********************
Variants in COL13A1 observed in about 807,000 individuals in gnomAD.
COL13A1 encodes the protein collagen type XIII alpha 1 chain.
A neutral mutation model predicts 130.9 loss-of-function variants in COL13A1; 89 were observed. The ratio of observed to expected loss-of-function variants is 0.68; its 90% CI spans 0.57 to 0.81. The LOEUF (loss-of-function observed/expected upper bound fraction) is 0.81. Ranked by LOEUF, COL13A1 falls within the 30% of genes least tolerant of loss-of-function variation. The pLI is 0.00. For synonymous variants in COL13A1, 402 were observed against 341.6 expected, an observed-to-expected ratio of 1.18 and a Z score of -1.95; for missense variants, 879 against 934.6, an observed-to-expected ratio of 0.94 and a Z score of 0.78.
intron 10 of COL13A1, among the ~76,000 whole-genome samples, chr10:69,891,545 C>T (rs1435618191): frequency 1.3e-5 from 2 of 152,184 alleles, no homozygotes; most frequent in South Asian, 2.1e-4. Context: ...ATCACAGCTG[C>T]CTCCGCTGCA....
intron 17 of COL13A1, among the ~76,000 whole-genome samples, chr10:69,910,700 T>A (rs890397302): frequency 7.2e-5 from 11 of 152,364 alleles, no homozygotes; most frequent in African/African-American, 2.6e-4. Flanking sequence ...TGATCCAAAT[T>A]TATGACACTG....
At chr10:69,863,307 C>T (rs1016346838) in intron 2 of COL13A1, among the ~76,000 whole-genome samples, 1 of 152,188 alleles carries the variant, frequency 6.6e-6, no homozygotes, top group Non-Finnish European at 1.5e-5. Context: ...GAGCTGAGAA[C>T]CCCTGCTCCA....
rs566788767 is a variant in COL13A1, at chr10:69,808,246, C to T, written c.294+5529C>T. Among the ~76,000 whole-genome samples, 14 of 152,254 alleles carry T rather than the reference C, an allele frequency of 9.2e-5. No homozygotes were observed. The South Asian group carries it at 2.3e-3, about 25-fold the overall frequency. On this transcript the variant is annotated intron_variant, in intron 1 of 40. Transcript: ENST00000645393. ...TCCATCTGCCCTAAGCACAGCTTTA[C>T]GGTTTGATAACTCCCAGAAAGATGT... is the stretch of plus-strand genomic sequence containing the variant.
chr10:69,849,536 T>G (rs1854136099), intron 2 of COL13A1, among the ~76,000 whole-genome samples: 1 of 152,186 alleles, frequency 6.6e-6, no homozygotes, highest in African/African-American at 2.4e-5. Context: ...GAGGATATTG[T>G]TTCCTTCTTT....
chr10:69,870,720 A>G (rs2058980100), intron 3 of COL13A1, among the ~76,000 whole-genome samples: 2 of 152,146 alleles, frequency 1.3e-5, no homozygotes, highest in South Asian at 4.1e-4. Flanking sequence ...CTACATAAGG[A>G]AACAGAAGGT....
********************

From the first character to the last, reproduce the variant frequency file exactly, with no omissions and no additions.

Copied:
Variants in COL13A1 observed in about 807,000 individuals in gnomAD.
COL13A1 encodes the protein collagen type XIII alpha 1 chain.
A neutral mutation model predicts 130.9 loss-of-function variants in COL13A1; 89 were observed. The ratio of observed to expected loss-of-function variants is 0.68; its 90% CI spans 0.57 to 0.81. The LOEUF (loss-of-function observed/expected upper bound fraction) is 0.81. Ranked by LOEUF, COL13A1 falls within the 30% of genes least tolerant of loss-of-function variation. The pLI is 0.00. For synonymous variants in COL13A1, 402 were observed against 341.6 expected, an observed-to-expected ratio of 1.18 and a Z score of -1.95; for missense variants, 879 against 934.6, an observed-to-expected ratio of 0.94 and a Z score of 0.78.
intron 10 of COL13A1, among the ~76,000 whole-genome samples, chr10:69,891,545 C>T (rs1435618191): frequency 1.3e-5 from 2 of 152,184 alleles, no homozygotes; most frequent in South Asian, 2.1e-4. Context: ...ATCACAGCTG[C>T]CTCCGCTGCA....
intron 17 of COL13A1, among the ~76,000 whole-genome samples, chr10:69,910,700 T>A (rs890397302): frequency 7.2e-5 from 11 of 152,364 alleles, no homozygotes; most frequent in African/African-American, 2.6e-4. Flanking sequence ...TGATCCAAAT[T>A]TATGACACTG....
At chr10:69,863,307 C>T (rs1016346838) in intron 2 of COL13A1, among the ~76,000 whole-genome samples, 1 of 152,188 alleles carries the variant, frequency 6.6e-6, no homozygotes, top group Non-Finnish European at 1.5e-5. Context: ...GAGCTGAGAA[C>T]CCCTGCTCCA....
rs566788767 is a variant in COL13A1, at chr10:69,808,246, C to T, written c.294+5529C>T. Among the ~76,000 whole-genome samples, 14 of 152,254 alleles carry T rather than the reference C, an allele frequency of 9.2e-5. No homozygotes were observed. The South Asian group carries it at 2.3e-3, about 25-fold the overall frequency. On this transcript the variant is annotated intron_variant, in intron 1 of 40. Transcript: ENST00000645393. ...TCCATCTGCCCTAAGCACAGCTTTA[C>T]GGTTTGATAACTCCCAGAAAGATGT... is the stretch of plus-strand genomic sequence containing the variant.
chr10:69,849,536 T>G (rs1854136099), intron 2 of COL13A1, among the ~76,000 whole-genome samples: 1 of 152,186 alleles, frequency 6.6e-6, no homozygotes, highest in African/African-American at 2.4e-5. Context: ...GAGGATATTG[T>G]TTCCTTCTTT....
chr10:69,870,720 A>G (rs2058980100), intron 3 of COL13A1, among the ~76,000 whole-genome samples: 2 of 152,146 alleles, frequency 1.3e-5, no homozygotes, highest in South Asian at 4.1e-4. Flanking sequence ...CTACATAAGG[A>G]AACAGAAGGT....